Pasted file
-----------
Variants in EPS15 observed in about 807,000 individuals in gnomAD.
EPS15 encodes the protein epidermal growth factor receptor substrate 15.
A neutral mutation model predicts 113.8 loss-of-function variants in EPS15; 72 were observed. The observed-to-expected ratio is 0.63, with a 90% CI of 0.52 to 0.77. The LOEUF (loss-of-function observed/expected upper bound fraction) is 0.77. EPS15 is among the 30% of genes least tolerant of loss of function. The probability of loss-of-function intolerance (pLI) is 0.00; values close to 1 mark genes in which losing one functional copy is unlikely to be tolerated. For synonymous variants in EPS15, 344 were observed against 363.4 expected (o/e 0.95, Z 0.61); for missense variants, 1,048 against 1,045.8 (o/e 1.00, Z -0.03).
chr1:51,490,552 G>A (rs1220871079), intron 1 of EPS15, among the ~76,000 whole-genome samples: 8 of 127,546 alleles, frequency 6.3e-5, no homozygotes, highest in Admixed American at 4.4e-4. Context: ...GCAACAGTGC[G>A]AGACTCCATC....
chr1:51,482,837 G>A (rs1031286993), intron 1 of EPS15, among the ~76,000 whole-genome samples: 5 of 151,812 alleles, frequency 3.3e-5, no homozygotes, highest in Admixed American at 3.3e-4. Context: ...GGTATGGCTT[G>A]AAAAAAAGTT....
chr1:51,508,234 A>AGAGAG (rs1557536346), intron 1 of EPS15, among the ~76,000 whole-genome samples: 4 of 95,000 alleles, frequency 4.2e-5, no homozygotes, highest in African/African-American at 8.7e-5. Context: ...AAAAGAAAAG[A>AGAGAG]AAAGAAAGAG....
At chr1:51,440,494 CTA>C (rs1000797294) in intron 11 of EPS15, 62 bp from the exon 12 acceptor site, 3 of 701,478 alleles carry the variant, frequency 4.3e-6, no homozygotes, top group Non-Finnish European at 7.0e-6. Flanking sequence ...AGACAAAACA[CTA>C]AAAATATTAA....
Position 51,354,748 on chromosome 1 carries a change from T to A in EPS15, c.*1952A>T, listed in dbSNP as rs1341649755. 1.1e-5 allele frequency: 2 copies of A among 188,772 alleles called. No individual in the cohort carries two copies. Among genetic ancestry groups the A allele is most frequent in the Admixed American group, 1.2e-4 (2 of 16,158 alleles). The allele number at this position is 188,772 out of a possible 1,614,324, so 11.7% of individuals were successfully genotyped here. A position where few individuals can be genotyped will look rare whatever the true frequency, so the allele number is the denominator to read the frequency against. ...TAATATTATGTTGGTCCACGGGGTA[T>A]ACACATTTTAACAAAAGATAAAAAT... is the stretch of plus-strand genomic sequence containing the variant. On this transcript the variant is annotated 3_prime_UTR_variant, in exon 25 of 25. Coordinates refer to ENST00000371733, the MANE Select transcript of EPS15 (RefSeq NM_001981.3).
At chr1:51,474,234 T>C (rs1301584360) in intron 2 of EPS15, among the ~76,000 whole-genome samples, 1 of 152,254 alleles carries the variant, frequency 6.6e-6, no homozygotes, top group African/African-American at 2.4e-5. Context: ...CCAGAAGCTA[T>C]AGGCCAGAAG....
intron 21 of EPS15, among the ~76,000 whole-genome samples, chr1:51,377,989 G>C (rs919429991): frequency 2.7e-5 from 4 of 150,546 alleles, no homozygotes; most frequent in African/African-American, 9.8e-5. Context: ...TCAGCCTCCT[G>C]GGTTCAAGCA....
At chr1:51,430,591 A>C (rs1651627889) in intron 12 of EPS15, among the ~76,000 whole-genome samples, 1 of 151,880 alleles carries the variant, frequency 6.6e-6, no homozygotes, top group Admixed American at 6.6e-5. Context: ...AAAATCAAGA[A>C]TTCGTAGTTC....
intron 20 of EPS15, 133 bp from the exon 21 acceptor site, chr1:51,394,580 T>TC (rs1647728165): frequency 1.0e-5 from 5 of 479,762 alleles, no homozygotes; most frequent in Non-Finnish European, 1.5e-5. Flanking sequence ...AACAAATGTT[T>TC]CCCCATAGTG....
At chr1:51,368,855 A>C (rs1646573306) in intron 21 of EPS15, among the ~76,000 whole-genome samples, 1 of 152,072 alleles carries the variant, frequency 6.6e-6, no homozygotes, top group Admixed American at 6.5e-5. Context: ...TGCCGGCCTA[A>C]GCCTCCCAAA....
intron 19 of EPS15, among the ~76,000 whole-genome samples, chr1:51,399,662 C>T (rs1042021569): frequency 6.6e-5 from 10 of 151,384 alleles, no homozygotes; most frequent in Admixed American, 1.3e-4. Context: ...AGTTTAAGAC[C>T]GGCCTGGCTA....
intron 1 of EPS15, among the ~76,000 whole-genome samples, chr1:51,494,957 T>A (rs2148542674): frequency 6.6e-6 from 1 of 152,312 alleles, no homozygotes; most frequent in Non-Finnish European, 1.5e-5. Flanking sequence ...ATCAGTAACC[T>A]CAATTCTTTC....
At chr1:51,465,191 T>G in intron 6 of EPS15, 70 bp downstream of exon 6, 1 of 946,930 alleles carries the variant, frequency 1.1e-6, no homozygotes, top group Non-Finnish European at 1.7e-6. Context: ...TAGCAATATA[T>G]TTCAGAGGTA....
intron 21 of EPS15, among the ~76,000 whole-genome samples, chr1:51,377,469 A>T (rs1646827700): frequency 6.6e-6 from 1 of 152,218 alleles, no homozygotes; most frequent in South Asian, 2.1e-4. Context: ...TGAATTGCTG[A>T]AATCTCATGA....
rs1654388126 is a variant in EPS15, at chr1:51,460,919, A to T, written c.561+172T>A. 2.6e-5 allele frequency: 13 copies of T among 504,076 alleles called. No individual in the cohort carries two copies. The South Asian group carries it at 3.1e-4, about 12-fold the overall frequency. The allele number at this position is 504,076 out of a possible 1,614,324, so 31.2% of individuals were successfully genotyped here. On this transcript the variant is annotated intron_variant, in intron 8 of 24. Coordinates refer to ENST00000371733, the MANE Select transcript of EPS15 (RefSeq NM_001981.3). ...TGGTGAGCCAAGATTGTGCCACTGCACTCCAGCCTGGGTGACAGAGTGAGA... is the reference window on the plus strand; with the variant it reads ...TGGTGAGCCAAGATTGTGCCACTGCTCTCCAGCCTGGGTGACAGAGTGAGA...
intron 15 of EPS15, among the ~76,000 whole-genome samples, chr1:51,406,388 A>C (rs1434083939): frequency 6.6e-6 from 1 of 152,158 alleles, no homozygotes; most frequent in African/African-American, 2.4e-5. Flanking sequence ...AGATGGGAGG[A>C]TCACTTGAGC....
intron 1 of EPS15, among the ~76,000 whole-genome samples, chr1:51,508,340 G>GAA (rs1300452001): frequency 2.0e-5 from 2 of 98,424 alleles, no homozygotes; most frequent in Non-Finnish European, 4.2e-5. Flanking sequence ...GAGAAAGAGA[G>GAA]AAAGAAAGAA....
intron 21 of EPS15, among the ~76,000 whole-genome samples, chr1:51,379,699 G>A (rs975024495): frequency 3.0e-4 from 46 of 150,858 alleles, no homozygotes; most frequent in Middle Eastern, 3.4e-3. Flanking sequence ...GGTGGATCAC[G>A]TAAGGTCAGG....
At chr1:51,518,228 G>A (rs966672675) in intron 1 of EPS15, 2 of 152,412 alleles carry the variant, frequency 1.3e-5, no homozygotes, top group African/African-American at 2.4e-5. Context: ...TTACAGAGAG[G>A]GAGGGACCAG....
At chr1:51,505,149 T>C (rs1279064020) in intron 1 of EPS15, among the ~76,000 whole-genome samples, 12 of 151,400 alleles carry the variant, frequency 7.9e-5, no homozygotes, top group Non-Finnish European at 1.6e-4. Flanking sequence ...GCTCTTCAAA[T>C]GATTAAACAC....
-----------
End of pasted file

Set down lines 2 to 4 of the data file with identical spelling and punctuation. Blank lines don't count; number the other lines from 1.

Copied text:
EPS15 encodes the protein epidermal growth factor receptor substrate 15.
A neutral mutation model predicts 113.8 loss-of-function variants in EPS15; 72 were observed. The observed-to-expected ratio is 0.63, with a 90% CI of 0.52 to 0.77. The LOEUF (loss-of-function observed/expected upper bound fraction) is 0.77. EPS15 is among the 30% of genes least tolerant of loss of function. The probability of loss-of-function intolerance (pLI) is 0.00; values close to 1 mark genes in which losing one functional copy is unlikely to be tolerated. For synonymous variants in EPS15, 344 were observed against 363.4 expected (o/e 0.95, Z 0.61); for missense variants, 1,048 against 1,045.8 (o/e 1.00, Z -0.03).
chr1:51,490,552 G>A (rs1220871079), intron 1 of EPS15, among the ~76,000 whole-genome samples: 8 of 127,546 alleles, frequency 6.3e-5, no homozygotes, highest in Admixed American at 4.4e-4. Context: ...GCAACAGTGC[G>A]AGACTCCATC....